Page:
Photobioreactors are the answer to breaking through the theoretical limits of normal solar photosynthesis for algae biomass production. Studies have shown the ability to raise algae culture densities to 24 grams per liter on a dry weight basis. The production rate in photobioreactors has achieved high production rates up to 242 percent of the total capacity of the photobioreactor in a 24-hour period using artificial light that was of a specific light spectrum enabling the optimization of the cell reproduction process. Reaching these figures on a commercial-scale has yet to be proven, but so was the turbine engine before it was made on a mass scale.

A wide array of algae production systems are being marketed. The BioFence photobioreactor is an efficient and reliable method for producing high density monocultures of marine and freshwater algae. The BioFence has been in production for these markets for the past five years, where it has yielded up to 140 grams per day in a 200-liter system. This output is much higher than a raceway pond or bag-type reactor. All parameters of the photosynthetic process-temperature, light, nutrients and carbon dioxide-are controlled in order to increase production rates. These figures would make the algae farm profitable and give it the ability to provide enough extra revenue to cover the expenses of an indoor environmentally controlled facility.

A hybrid system is another option for the mass production of algal biomass. This system would employ both a raceway pond and photobioreactors. The photobioreactor would provide a continuous supply of high-density monoculture algae for further propagation and lipid oil production. The major advantage to a hybrid system is that it reduces a large amount of the capital expense for installation.

Culturing Solutions has developed a low kilowatt consumption process to extract algae from the oil. It utilizes the remaining water in the algae slurry as a solvent along with a reactor to rupture the cell walls releasing the lipids. The downstream process further separates the remaining biomass, algae oil and water. From that point the oil may be dehydrated for transesterification.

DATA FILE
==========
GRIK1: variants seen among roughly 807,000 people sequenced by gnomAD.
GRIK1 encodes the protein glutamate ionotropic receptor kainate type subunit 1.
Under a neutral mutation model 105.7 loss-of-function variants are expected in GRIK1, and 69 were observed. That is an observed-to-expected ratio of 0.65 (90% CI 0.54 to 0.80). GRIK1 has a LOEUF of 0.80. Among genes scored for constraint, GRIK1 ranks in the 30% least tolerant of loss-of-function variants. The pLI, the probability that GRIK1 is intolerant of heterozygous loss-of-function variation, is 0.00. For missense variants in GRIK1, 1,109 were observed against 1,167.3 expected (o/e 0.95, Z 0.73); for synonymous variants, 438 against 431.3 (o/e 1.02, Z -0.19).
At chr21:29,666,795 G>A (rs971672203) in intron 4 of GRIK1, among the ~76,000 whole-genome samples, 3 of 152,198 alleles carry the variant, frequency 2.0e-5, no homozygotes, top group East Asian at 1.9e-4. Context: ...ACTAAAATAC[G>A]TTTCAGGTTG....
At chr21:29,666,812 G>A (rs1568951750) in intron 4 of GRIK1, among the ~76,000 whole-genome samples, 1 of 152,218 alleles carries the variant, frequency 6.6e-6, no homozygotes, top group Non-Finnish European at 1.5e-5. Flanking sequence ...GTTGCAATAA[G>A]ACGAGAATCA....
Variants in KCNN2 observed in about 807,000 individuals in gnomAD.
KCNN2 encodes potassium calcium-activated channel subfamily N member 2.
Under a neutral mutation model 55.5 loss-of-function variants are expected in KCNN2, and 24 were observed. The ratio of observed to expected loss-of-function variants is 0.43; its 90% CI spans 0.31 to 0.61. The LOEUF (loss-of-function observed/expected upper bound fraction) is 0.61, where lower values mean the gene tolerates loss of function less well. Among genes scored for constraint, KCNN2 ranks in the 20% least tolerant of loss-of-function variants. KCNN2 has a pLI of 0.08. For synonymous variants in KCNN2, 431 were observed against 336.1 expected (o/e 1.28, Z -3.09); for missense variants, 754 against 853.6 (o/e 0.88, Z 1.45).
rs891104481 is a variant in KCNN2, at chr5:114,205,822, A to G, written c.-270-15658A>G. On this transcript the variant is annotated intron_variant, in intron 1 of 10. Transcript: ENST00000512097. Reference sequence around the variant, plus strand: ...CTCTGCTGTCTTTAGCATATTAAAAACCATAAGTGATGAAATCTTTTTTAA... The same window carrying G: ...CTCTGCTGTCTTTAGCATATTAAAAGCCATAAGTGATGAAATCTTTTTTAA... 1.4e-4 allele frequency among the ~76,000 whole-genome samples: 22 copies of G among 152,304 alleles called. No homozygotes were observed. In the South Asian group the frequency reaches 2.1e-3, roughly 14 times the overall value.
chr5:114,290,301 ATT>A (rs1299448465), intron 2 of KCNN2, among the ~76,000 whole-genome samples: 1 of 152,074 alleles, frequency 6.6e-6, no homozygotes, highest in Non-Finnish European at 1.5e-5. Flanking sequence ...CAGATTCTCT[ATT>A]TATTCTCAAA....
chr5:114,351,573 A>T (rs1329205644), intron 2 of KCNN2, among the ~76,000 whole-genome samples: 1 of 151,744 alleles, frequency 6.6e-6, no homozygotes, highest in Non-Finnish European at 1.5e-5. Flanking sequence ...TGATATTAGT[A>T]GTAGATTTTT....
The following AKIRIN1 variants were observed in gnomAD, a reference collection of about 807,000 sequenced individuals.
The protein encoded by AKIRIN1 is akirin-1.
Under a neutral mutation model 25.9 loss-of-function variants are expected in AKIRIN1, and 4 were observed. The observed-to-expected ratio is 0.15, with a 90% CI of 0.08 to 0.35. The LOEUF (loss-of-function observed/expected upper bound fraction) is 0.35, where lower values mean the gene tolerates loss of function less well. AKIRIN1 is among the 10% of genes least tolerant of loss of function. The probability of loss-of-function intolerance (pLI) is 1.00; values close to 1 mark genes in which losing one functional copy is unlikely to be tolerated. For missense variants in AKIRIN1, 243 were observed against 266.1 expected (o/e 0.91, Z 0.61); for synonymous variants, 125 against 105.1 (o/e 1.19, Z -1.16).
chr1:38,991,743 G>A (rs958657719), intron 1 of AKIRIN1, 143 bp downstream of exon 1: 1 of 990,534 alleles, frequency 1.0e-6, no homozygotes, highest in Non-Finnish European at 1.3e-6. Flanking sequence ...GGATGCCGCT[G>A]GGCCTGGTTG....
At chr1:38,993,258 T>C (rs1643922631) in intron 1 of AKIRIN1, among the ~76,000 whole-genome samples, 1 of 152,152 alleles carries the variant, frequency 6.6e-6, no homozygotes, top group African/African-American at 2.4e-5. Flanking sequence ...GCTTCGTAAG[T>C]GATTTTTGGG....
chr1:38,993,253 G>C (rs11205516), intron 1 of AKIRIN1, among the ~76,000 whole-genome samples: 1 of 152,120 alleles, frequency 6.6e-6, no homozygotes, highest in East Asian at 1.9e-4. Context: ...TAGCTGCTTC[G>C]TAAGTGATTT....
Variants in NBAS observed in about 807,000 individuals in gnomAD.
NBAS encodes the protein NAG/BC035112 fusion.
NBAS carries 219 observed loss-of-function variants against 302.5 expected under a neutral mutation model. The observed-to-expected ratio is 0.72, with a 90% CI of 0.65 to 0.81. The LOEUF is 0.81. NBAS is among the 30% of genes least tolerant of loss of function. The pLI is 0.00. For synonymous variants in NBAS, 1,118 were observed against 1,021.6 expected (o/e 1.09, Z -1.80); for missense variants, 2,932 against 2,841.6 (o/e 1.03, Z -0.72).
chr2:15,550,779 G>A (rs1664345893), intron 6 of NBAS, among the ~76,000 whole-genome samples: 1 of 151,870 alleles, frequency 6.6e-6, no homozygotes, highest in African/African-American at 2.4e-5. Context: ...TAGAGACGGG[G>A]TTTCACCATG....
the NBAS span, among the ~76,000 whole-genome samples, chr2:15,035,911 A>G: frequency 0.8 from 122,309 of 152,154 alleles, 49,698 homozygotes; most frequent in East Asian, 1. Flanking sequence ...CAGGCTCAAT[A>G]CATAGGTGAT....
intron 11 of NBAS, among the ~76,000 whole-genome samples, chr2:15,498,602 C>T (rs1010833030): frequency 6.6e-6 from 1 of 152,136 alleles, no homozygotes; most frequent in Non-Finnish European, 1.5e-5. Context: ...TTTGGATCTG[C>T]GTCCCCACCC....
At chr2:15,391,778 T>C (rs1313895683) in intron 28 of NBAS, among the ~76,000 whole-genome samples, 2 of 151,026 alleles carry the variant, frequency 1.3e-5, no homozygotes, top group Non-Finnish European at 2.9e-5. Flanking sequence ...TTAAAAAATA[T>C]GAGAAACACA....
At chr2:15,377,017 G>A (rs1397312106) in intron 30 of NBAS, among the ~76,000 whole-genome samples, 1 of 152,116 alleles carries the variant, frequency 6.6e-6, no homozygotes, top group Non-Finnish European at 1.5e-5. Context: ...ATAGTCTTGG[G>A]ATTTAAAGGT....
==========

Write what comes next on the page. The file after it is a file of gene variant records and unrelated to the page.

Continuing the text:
Whatever the specific technology, algal oil production is certain to increase in the next few years. Nutraceutical markets demand it, and soon so will the biodiesel industry. The primary question remaining is how soon commercial-scale production will become profitable.

Dean Tsoupeis is chief executive officer for Culturing Solutions Inc. Reach him at dean@culturingsolutions.com or (727) 686-5291.
 
 
Array ( [REDIRECT_REDIRECT_STATUS] => 200 [REDIRECT_STATUS] => 200 [HTTP_HOST] => www.biodieselmagazine.com [HTTP_ACCEPT_ENCODING] => x-gzip, gzip, deflate [HTTP_USER_AGENT] => CCBot/2.0 (http://commoncrawl.org/faq/) [HTTP_ACCEPT] => text/html,application/xhtml+xml,application/xml;q=0.9,*/*;q=0.8 [PATH] => /sbin:/usr/sbin:/bin:/usr/bin [SERVER_SIGNATURE] =>
Apache/2.2.15 (CentOS) Server at www.biodieselmagazine.com Port 80
[SERVER_SOFTWARE] => Apache/2.2.15 (CentOS) [SERVER_NAME] => www.biodieselmagazine.com [SERVER_ADDR] => 100.79.230.23 [SERVER_PORT] => 80 [REMOTE_ADDR] => 54.145.118.24 [DOCUMENT_ROOT] => /datadrive/websites/biodieselmagazine.com [SERVER_ADMIN] => webmaster@dummy-host.example.com [SCRIPT_FILENAME] => /datadrive/websites/biodieselmagazine.com/app/webroot/index.php [REMOTE_PORT] => 56812 [REDIRECT_QUERY_STRING] => url=articles/3165/algae's-impact-on-the-food-versus-fuel-debate/ [REDIRECT_URL] => /app/webroot/articles/3165/algae's-impact-on-the-food-versus-fuel-debate/ [GATEWAY_INTERFACE] => CGI/1.1 [SERVER_PROTOCOL] => HTTP/1.0 [REQUEST_METHOD] => GET [QUERY_STRING] => url=articles/3165/algae's-impact-on-the-food-versus-fuel-debate/ [REQUEST_URI] => /articles/3165/algae%27s-impact-on-the-food-versus-fuel-debate/ [SCRIPT_NAME] => /app/webroot/index.php [PHP_SELF] => /app/webroot/index.php [REQUEST_TIME_FLOAT] => 1495625979.045 [REQUEST_TIME] => 1495625979 )